American colonists believed they played their part well in the fight against the French and the Indians. So when the British Parliament, and King George III, began imposing new laws and taxes (Sugar Act, Currency Act, Quartering Act, Stamp Act) on the colonists, to pay for the war and to reduce British debt, the colonists felt betrayed and proceeded to try to reduce the effect of these laws. They generally succeeded in doing so. But the British didn't quit, and they began to impose even more laws on the colonists.

Acts of resistance, like the Boston Tea Party, were small but significant gestures meant to demonstrate to the British that the colonists were resolved not to be taxed to pay off British debt. Moreover, there were no colonial representatives in the British Parliament representing colonial views on anything. Hence, the colonial response to any new British tax was "No taxation without representation!"

But during this time, the people in the thirteen colonies were not united, and they really had no plan to become united. Nevertheless, the British imposed a new set of laws, the Intolerable Acts, which included the Boston Port Act, that punished the colonists for their continued resistance.

The colonists had had enough as well, and in 1774, twelve of the thirteen colonies sent representatives to the First Continental Congress in Philadelphia, PA. They had hoped to reverse the effects of the sanctions imposed by the Intolerable Acts. Among other things that came out of that one-and-a-half month long conference was the decision to boycott the purchase of all British goods.

It was in the following year, however, that the "Shot Heard Round the World" set off hostilities between the British and the American Colonists on April 19, 1775 that began the American Revolutionary War.

As you can see, there were many factors that impacted the American Revolution, but the fact that the colonists kept rebelling and kept responding to the laws imposed on them is what eventually led to the beginning of the war.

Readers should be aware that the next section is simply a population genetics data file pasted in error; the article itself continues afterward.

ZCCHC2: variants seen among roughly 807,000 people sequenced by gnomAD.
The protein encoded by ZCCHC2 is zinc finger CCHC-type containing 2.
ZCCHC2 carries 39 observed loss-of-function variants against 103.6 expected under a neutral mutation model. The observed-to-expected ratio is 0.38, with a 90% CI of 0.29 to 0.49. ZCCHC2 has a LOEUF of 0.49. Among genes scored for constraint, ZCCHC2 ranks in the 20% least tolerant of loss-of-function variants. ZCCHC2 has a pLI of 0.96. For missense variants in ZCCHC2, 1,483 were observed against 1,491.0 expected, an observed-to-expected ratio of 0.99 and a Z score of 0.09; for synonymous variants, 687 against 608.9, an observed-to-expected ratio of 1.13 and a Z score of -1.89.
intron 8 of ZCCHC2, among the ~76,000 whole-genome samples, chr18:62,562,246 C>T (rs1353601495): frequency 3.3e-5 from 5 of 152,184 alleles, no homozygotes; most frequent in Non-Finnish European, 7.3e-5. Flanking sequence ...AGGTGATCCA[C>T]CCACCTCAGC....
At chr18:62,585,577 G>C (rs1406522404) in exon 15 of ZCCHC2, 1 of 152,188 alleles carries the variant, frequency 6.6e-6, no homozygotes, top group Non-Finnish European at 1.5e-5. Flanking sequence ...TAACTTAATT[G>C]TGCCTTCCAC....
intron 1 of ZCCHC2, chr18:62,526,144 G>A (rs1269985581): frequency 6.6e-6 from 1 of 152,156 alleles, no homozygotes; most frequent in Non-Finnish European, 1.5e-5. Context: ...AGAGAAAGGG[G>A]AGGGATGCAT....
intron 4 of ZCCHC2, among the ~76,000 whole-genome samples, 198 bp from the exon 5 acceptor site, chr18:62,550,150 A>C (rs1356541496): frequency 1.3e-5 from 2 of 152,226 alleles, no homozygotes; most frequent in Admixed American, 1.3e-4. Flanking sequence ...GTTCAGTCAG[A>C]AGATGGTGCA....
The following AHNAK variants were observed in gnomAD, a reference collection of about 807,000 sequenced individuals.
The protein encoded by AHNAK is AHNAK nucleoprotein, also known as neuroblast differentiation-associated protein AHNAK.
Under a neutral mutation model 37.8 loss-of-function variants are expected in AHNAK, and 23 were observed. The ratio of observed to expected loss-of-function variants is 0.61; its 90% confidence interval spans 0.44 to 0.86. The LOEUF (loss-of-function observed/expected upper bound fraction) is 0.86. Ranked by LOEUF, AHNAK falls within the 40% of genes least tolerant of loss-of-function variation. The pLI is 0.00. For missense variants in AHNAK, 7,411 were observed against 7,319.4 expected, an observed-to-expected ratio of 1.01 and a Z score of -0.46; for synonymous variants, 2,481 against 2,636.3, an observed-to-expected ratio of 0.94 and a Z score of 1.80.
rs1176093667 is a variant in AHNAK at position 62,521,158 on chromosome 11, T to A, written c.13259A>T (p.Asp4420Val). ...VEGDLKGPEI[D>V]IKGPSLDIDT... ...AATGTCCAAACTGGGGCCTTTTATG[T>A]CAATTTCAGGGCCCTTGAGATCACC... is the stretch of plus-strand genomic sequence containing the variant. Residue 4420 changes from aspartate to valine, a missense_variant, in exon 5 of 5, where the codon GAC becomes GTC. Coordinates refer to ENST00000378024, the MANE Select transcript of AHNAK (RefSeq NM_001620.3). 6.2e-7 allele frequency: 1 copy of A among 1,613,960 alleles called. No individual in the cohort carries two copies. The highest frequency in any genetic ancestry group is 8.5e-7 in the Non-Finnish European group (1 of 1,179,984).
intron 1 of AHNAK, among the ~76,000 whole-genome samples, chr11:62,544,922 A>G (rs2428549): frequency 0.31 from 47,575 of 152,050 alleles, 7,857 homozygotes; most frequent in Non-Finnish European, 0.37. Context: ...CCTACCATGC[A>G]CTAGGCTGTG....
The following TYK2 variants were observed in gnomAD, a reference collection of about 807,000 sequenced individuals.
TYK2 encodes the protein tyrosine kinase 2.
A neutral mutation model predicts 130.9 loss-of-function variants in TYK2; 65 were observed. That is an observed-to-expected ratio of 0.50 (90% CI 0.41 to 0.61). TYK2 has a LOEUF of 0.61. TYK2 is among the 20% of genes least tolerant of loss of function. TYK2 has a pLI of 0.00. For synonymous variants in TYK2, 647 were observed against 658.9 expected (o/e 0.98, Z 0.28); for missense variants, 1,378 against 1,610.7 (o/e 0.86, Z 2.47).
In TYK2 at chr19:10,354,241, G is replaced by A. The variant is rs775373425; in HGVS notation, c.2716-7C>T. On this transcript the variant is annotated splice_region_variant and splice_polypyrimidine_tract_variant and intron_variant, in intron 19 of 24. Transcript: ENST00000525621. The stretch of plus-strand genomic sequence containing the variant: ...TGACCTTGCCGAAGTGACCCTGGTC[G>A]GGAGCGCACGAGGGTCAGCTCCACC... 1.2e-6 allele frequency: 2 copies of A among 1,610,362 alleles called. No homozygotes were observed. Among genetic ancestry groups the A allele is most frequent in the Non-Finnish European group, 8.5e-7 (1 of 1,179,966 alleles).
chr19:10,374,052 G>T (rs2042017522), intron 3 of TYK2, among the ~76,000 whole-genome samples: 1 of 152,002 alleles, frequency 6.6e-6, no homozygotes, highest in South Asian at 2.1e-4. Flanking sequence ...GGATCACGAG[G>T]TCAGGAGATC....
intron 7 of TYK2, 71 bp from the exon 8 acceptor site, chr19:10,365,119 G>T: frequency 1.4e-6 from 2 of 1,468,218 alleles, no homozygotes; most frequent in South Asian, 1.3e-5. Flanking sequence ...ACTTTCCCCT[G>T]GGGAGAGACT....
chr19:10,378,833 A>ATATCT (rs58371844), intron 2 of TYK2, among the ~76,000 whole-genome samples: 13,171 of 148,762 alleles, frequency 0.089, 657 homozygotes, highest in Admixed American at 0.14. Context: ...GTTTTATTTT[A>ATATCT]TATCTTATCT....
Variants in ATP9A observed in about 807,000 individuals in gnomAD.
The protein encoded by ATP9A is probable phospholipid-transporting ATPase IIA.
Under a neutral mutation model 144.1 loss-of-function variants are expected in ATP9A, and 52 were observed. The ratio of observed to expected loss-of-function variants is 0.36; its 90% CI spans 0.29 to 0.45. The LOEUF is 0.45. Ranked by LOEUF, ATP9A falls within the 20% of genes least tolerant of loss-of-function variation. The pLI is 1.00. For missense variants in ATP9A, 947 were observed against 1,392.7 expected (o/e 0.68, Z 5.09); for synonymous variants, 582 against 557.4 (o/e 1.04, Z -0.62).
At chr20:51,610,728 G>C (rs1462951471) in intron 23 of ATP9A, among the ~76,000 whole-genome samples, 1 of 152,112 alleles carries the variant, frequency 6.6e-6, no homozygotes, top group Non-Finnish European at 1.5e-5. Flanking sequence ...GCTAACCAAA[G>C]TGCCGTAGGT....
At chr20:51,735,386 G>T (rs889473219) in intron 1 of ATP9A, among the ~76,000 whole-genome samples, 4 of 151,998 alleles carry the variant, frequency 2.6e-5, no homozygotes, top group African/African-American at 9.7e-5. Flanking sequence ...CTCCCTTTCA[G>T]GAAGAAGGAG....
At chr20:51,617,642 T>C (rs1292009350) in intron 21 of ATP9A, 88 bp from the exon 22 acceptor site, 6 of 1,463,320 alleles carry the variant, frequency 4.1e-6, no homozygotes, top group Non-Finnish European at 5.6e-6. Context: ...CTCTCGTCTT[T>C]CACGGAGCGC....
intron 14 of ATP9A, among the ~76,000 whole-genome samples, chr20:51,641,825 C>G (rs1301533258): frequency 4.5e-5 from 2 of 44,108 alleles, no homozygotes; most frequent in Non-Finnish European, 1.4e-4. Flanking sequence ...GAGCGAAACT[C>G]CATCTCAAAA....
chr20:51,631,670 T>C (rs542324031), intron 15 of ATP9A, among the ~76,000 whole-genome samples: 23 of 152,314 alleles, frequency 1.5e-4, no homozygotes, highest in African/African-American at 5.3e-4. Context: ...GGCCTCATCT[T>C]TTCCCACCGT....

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What were the reasons for the revolts and rebellions that occurred in the American colonies?  

While it is somewhat popular to believe that the Thirteen Colonies were economically and politically unified, nothing could be further from the truth. Throughout the colonies, differing political and economic goals often led to conflict.  Even within each individual colony, a strict social stratification was taking place.  An elite class was emerging that was quickly becoming politically powerful and economically advantaged.  It is the emergence of this aristocratic class that led to several rebellions throughout colonial history.  The most famous of the rebellions was led by Nathaniel Bacon in Virginia in 1676.  Disheartened by the lack of opportunity afforded to middling planters, and angered by the governors lack of interest in defending the frontier against Indian attacks, Bacon led a rebellion. Bacon and thousands of disgruntled farmers led a revolt against Governor Berkeley and burned the capital.  This is one of several examples of social unrest within the colonies themselves.  

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What were the causes of the American Revolutionary War?

By 1763, a century and a half had passed since the first British colonies were established in North America. The colonies and the mother country were different in many respects, but in 1763 the idea of independence was unthinkable. A series of events between 1763 and 1775 led to the American Revolution (1775–1783) and the creation of the United States as a independent country.

In 1763, France was ejected from the North American continent, and this changed the relationship between the British Empire and its thirteen colonies. The war with the French had been expensive, so the British government sought to raise revenue to help pay for it. The Stamp Act, the Tea Act, and the Townshend Acts taxed the colonists. The colonists resented these taxes because they did not have representation in British Parliament; they believed that taxation without representation was tyranny.

A group of patriots centered in Boston began to challenge British authority during this period. This group included John Adams, Samuel Adams, and John Hancock, among others. This area was also the location of violent incidents: the Boston Massacre and the Boston Tea Party.

By 1775, the war had started with battles at Lexington and Concord. Bloodshed and the publication of Common Sense by Thomas Paine pushed the colonists toward independence, which was declared on July 4, 1776.